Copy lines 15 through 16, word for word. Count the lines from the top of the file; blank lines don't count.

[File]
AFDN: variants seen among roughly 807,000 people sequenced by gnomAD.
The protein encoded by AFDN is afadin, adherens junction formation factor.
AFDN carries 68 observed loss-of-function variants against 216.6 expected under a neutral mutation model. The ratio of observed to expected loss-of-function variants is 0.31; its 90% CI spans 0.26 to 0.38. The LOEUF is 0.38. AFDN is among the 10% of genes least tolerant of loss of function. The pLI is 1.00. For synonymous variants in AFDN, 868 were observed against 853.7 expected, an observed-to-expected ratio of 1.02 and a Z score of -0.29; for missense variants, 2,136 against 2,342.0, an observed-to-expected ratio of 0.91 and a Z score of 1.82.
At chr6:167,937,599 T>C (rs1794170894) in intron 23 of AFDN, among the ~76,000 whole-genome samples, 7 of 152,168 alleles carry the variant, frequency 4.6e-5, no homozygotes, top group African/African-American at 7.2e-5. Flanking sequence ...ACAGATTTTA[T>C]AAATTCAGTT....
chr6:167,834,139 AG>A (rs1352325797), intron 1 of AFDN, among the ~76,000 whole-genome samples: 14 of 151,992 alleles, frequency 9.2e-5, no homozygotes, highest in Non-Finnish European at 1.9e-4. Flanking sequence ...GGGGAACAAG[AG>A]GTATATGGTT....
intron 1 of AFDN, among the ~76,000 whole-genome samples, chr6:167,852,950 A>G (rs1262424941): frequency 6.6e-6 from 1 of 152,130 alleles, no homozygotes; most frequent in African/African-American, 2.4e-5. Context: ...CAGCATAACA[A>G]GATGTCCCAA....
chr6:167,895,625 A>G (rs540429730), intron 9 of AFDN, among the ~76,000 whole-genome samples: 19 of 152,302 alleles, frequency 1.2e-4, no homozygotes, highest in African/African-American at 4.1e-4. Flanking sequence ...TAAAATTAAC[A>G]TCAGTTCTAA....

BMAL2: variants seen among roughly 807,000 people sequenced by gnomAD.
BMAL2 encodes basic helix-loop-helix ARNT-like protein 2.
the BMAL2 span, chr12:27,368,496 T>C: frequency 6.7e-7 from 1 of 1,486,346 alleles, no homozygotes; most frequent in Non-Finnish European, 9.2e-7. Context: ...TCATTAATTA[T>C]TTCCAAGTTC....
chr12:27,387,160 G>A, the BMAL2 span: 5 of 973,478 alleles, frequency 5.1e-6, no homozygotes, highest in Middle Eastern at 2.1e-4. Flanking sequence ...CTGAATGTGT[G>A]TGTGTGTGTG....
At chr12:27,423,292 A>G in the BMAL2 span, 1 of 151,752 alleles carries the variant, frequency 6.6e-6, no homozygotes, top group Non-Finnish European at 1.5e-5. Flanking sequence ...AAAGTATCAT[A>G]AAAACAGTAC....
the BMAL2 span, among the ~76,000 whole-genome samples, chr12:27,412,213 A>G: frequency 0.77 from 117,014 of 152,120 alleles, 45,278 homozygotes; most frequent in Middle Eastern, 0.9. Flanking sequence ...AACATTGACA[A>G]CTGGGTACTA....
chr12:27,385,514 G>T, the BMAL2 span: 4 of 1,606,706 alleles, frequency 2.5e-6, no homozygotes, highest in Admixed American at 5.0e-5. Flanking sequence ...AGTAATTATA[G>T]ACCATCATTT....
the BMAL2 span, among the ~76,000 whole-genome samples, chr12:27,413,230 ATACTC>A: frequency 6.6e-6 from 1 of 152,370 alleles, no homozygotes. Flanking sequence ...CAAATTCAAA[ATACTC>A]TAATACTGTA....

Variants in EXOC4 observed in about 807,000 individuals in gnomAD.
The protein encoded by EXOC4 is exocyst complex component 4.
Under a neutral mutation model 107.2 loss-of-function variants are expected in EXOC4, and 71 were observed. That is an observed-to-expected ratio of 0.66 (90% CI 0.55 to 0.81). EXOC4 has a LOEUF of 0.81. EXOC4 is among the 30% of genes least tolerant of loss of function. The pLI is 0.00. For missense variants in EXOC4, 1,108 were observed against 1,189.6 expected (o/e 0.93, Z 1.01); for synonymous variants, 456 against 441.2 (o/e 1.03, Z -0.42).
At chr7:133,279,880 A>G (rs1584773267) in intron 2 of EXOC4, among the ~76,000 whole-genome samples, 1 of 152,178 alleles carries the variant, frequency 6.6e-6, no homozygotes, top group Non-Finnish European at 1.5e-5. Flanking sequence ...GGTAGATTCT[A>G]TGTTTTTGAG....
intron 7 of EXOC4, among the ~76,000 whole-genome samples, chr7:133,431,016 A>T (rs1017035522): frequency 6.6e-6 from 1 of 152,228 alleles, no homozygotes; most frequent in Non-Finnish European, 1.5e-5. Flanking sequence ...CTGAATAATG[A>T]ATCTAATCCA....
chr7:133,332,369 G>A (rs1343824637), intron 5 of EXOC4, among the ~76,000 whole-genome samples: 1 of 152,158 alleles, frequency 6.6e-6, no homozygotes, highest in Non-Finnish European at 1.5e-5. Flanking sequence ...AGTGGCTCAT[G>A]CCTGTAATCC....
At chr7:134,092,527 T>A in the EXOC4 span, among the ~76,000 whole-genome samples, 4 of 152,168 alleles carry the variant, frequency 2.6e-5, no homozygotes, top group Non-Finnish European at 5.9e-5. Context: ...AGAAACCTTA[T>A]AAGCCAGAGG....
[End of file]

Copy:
the BMAL2 span, among the ~76,000 whole-genome samples, chr12:27,413,230 ATACTC>A: frequency 6.6e-6 from 1 of 152,370 alleles, no homozygotes. Flanking sequence ...CAAATTCAAA[ATACTC>A]TAATACTGTA....

Variants in EXOC4 observed in about 807,000 individuals in gnomAD.